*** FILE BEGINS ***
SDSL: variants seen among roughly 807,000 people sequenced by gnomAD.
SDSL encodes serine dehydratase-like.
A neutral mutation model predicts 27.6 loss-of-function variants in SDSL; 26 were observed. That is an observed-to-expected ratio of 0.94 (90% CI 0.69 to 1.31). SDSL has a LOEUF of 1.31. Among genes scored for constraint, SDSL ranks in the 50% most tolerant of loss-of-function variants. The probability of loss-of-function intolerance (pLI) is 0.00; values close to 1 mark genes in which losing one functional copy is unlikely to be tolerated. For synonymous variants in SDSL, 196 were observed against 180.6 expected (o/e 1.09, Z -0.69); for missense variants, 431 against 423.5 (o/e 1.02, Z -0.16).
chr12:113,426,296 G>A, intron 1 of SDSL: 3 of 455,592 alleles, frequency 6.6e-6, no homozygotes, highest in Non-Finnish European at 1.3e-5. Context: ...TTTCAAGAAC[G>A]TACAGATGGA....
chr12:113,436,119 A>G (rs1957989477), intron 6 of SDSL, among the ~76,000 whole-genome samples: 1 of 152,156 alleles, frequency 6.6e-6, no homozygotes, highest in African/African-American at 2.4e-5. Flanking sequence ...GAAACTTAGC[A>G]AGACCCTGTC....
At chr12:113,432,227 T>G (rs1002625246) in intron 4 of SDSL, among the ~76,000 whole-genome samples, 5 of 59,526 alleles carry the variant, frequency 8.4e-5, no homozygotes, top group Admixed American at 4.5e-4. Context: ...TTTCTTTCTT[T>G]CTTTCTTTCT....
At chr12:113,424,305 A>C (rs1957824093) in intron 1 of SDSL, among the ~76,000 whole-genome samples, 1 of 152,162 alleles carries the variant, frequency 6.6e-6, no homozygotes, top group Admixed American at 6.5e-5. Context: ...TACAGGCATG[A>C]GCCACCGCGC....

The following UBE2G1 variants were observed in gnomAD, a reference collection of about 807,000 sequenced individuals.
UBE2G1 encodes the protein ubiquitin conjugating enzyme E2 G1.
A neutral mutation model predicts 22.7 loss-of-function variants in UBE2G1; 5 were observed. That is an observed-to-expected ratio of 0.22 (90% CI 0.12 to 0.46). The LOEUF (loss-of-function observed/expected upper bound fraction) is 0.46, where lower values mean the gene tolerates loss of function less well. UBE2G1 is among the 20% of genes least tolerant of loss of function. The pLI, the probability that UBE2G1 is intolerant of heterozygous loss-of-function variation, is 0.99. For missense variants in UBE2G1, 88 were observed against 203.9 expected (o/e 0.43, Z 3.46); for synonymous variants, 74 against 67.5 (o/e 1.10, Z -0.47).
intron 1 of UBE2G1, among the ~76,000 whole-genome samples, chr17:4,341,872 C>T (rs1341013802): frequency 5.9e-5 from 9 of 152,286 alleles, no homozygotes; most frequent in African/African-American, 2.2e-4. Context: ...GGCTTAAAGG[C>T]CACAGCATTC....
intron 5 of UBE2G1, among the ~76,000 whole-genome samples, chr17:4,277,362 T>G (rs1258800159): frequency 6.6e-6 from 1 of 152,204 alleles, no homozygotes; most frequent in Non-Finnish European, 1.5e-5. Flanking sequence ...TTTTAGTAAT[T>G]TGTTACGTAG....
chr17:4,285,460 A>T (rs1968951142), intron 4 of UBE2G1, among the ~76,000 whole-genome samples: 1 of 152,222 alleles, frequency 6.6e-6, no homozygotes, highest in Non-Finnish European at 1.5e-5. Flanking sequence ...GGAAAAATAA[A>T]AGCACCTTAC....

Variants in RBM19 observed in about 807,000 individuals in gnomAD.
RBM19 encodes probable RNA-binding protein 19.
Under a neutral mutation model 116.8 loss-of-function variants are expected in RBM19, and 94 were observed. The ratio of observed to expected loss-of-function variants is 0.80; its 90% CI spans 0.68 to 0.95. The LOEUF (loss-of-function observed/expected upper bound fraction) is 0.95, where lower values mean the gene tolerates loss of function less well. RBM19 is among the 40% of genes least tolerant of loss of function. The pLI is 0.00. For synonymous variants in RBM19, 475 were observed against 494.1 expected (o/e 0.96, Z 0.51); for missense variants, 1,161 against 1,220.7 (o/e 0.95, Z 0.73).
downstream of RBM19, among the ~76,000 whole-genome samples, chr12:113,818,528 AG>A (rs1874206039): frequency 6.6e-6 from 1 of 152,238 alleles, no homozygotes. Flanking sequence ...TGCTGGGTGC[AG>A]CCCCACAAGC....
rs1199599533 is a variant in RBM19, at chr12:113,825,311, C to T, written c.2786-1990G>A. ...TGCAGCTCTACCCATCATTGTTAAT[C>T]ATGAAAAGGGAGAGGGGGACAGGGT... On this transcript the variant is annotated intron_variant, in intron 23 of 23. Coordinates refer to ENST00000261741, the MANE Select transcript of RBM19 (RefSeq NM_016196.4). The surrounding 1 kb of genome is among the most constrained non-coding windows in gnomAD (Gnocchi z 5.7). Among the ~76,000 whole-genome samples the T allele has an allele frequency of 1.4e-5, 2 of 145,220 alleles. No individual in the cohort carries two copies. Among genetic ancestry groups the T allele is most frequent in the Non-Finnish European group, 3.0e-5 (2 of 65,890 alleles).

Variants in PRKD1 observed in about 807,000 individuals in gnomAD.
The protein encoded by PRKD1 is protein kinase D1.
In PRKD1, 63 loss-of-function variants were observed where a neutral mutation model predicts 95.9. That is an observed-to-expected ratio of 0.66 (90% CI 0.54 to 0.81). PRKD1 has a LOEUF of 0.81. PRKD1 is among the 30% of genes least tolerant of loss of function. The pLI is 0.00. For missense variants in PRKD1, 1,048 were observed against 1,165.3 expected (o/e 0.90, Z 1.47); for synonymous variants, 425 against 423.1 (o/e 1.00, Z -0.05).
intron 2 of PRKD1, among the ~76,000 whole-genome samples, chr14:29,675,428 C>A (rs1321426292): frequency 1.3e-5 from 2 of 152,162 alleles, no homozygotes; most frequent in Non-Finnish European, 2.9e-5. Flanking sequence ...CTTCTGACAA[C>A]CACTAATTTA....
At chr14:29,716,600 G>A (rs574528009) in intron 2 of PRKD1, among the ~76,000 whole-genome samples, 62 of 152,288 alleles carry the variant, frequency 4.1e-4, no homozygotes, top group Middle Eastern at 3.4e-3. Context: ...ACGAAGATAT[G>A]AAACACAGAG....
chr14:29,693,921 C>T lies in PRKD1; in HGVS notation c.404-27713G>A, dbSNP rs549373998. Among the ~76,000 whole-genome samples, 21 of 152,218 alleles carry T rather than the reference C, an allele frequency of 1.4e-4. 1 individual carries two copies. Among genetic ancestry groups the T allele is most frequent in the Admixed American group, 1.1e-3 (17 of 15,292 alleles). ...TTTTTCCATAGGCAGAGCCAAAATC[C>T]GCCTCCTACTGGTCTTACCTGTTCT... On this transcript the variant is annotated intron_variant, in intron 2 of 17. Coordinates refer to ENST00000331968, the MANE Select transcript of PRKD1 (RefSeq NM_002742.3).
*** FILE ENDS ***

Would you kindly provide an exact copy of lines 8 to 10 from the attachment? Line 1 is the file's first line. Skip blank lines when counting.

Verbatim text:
The following UBE2G1 variants were observed in gnomAD, a reference collection of about 807,000 sequenced individuals.
UBE2G1 encodes the protein ubiquitin conjugating enzyme E2 G1.
A neutral mutation model predicts 22.7 loss-of-function variants in UBE2G1; 5 were observed. That is an observed-to-expected ratio of 0.22 (90% CI 0.12 to 0.46). The LOEUF (loss-of-function observed/expected upper bound fraction) is 0.46, where lower values mean the gene tolerates loss of function less well. UBE2G1 is among the 20% of genes least tolerant of loss of function. The pLI, the probability that UBE2G1 is intolerant of heterozygous loss-of-function variation, is 0.99. For missense variants in UBE2G1, 88 were observed against 203.9 expected (o/e 0.43, Z 3.46); for synonymous variants, 74 against 67.5 (o/e 1.10, Z -0.47).